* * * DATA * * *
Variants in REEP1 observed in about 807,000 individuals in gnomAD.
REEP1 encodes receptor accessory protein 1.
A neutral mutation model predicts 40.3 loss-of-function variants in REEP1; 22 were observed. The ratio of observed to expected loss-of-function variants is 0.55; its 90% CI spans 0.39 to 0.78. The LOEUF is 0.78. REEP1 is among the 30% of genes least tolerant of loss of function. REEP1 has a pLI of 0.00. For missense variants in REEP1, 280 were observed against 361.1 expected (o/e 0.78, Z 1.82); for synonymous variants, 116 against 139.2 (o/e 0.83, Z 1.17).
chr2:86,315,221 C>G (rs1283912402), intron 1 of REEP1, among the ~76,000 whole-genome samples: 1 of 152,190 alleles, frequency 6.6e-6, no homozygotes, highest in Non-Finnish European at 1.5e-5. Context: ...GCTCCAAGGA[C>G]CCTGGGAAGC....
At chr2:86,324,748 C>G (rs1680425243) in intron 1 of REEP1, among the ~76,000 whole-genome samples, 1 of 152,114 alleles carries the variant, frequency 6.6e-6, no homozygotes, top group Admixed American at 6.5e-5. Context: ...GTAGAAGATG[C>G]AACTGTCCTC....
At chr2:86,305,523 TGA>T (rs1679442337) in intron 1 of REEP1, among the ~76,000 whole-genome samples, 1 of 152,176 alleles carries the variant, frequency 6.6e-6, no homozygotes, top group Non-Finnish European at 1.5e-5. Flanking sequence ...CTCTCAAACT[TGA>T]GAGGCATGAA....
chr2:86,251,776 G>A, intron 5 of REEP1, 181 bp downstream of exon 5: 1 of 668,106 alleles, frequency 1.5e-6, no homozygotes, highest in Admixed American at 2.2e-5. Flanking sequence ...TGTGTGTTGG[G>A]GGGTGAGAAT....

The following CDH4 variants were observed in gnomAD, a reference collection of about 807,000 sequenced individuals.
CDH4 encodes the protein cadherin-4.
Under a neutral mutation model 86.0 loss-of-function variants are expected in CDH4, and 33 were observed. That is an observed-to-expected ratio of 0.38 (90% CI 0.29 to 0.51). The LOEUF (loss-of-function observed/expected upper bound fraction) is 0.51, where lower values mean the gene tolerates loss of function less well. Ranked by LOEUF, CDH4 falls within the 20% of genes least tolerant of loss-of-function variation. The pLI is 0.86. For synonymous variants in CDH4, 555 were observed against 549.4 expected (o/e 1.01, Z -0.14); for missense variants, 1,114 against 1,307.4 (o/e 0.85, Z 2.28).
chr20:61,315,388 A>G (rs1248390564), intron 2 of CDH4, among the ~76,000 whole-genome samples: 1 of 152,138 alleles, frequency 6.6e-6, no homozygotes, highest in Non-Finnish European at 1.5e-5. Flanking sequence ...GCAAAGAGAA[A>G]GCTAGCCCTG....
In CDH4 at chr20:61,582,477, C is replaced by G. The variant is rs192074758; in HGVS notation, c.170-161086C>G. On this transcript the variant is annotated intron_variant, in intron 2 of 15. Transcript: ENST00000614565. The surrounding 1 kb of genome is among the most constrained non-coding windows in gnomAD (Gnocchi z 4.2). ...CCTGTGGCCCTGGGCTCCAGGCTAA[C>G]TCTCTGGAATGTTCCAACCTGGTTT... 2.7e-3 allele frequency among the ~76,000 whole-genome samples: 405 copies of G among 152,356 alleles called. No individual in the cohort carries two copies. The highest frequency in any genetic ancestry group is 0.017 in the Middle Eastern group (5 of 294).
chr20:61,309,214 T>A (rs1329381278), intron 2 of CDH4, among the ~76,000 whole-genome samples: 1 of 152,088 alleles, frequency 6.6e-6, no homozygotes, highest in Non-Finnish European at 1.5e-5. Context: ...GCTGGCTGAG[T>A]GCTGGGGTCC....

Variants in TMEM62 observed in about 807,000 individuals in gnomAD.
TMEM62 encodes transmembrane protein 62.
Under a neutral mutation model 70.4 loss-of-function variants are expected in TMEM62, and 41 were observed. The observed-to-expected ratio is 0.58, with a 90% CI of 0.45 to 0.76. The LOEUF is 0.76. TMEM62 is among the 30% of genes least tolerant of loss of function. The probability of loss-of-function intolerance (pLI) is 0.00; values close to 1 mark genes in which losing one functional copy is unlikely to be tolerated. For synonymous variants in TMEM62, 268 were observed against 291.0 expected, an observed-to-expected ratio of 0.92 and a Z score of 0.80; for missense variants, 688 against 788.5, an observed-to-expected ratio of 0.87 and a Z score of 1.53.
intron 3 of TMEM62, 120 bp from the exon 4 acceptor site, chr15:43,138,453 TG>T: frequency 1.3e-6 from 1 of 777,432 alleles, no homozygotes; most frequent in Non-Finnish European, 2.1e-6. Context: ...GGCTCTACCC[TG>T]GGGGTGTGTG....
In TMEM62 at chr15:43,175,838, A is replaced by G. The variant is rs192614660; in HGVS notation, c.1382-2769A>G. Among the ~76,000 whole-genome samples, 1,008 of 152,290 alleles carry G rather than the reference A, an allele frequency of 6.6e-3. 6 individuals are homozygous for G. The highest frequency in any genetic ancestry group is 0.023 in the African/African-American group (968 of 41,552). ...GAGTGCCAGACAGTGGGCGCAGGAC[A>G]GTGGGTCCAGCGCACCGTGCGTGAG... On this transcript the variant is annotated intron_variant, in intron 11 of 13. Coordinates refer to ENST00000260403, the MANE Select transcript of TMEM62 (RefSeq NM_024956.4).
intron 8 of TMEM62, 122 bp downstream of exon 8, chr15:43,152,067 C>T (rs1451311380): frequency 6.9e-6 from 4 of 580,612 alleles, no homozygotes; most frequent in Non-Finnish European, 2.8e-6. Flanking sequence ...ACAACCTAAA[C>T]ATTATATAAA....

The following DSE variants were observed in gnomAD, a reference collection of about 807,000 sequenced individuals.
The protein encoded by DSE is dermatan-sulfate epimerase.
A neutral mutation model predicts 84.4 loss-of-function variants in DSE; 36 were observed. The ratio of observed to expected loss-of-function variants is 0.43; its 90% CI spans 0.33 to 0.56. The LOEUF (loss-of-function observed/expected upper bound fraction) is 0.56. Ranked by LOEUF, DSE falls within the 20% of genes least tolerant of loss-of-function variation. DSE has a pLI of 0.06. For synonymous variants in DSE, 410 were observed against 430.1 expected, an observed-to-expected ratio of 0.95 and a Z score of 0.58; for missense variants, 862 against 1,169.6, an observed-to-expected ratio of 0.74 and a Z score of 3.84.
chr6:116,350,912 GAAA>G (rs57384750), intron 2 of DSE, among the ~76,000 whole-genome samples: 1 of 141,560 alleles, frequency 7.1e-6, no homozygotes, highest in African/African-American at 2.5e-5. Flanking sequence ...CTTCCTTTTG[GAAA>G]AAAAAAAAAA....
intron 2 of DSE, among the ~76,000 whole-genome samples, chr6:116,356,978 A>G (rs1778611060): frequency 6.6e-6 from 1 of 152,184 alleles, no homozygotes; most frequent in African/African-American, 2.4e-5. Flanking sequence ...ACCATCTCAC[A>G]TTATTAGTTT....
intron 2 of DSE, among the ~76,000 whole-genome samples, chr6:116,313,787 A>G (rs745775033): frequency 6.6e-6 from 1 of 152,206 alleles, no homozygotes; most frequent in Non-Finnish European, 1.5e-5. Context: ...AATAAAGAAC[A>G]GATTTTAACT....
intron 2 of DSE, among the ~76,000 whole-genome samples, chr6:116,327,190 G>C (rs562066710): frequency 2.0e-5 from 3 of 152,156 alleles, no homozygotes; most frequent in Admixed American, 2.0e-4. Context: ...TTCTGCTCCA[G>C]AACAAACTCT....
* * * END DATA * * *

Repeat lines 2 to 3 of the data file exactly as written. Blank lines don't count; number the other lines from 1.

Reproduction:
REEP1 encodes receptor accessory protein 1.
A neutral mutation model predicts 40.3 loss-of-function variants in REEP1; 22 were observed. The ratio of observed to expected loss-of-function variants is 0.55; its 90% CI spans 0.39 to 0.78. The LOEUF is 0.78. REEP1 is among the 30% of genes least tolerant of loss of function. REEP1 has a pLI of 0.00. For missense variants in REEP1, 280 were observed against 361.1 expected (o/e 0.78, Z 1.82); for synonymous variants, 116 against 139.2 (o/e 0.83, Z 1.17).